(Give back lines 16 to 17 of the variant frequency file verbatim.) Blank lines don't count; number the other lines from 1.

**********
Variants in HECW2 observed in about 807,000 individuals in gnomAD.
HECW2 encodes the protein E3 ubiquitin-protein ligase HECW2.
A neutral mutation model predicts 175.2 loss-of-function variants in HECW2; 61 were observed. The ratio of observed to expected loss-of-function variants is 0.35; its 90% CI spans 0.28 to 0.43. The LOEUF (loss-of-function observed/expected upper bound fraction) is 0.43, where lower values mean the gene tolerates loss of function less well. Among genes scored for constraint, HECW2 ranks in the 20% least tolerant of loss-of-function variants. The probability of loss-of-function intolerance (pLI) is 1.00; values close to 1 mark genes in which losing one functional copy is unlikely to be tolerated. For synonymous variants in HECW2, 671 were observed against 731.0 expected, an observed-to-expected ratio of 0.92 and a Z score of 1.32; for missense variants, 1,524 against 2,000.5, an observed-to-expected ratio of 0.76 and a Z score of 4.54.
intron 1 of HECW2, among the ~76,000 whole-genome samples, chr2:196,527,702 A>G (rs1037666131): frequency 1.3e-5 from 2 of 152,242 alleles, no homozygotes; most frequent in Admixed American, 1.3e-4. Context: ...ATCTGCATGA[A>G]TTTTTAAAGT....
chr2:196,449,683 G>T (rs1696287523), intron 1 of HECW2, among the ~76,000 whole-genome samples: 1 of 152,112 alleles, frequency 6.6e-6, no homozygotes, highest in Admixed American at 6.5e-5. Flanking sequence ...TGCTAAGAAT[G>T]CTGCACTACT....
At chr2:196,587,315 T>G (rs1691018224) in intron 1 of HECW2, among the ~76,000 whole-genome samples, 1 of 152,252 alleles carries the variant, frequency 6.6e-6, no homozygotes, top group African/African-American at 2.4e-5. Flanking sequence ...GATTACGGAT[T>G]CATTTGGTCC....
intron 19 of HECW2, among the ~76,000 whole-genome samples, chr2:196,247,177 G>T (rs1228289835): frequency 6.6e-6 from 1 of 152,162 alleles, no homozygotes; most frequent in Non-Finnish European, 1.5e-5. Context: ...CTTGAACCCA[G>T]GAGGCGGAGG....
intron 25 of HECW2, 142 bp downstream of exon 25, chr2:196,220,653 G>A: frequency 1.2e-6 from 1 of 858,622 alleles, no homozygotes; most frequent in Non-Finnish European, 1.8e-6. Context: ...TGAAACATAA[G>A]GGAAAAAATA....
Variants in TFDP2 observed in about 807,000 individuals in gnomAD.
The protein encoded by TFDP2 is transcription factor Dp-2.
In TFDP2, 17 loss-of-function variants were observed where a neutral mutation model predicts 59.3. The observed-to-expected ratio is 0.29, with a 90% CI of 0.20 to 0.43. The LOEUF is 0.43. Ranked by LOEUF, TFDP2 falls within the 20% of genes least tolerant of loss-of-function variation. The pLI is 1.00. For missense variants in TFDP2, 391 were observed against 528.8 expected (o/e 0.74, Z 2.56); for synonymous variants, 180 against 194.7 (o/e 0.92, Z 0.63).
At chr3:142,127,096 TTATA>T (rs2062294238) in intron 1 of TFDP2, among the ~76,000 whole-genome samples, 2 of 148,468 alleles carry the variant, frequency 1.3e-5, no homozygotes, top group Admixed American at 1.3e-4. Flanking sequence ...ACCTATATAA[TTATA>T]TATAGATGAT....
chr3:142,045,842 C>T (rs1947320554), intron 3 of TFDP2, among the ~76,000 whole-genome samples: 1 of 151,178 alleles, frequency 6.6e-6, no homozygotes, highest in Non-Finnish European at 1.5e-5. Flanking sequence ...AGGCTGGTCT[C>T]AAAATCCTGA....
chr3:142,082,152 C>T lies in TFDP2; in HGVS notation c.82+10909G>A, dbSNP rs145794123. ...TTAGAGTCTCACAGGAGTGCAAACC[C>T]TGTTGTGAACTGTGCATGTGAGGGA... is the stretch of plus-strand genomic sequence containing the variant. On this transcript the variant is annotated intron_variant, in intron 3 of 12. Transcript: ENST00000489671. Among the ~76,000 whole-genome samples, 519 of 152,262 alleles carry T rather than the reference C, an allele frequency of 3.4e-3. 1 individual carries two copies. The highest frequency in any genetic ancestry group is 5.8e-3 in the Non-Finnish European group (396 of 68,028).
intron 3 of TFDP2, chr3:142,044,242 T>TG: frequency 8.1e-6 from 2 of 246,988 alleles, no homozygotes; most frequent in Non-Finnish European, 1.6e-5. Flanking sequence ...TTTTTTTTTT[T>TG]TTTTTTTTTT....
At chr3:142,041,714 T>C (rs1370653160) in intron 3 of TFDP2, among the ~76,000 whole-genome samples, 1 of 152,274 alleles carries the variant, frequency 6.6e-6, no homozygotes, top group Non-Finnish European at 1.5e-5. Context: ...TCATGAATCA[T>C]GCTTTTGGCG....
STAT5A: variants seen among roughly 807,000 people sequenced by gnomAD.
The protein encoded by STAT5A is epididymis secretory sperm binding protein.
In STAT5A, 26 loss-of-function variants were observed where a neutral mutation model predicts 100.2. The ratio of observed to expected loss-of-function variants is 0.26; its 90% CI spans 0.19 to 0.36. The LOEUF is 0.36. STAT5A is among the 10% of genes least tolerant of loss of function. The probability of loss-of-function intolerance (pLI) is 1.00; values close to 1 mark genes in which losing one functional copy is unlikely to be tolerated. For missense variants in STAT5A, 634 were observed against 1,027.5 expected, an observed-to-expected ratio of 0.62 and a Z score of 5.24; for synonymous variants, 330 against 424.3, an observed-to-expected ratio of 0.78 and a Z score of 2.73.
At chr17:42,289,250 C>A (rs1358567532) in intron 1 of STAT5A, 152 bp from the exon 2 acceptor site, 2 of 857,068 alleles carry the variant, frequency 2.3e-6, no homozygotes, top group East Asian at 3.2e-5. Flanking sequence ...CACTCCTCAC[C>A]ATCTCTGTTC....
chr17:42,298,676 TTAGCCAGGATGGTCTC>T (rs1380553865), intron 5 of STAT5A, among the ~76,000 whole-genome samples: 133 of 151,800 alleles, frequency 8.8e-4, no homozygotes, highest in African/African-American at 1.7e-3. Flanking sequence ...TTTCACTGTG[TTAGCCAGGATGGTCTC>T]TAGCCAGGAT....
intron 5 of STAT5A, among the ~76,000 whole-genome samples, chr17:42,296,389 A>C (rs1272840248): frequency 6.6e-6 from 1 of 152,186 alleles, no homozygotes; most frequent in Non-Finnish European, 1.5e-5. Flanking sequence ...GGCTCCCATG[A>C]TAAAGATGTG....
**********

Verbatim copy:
At chr3:142,041,714 T>C (rs1370653160) in intron 3 of TFDP2, among the ~76,000 whole-genome samples, 1 of 152,274 alleles carries the variant, frequency 6.6e-6, no homozygotes, top group Non-Finnish European at 1.5e-5. Context: ...TCATGAATCA[T>C]GCTTTTGGCG....
STAT5A: variants seen among roughly 807,000 people sequenced by gnomAD.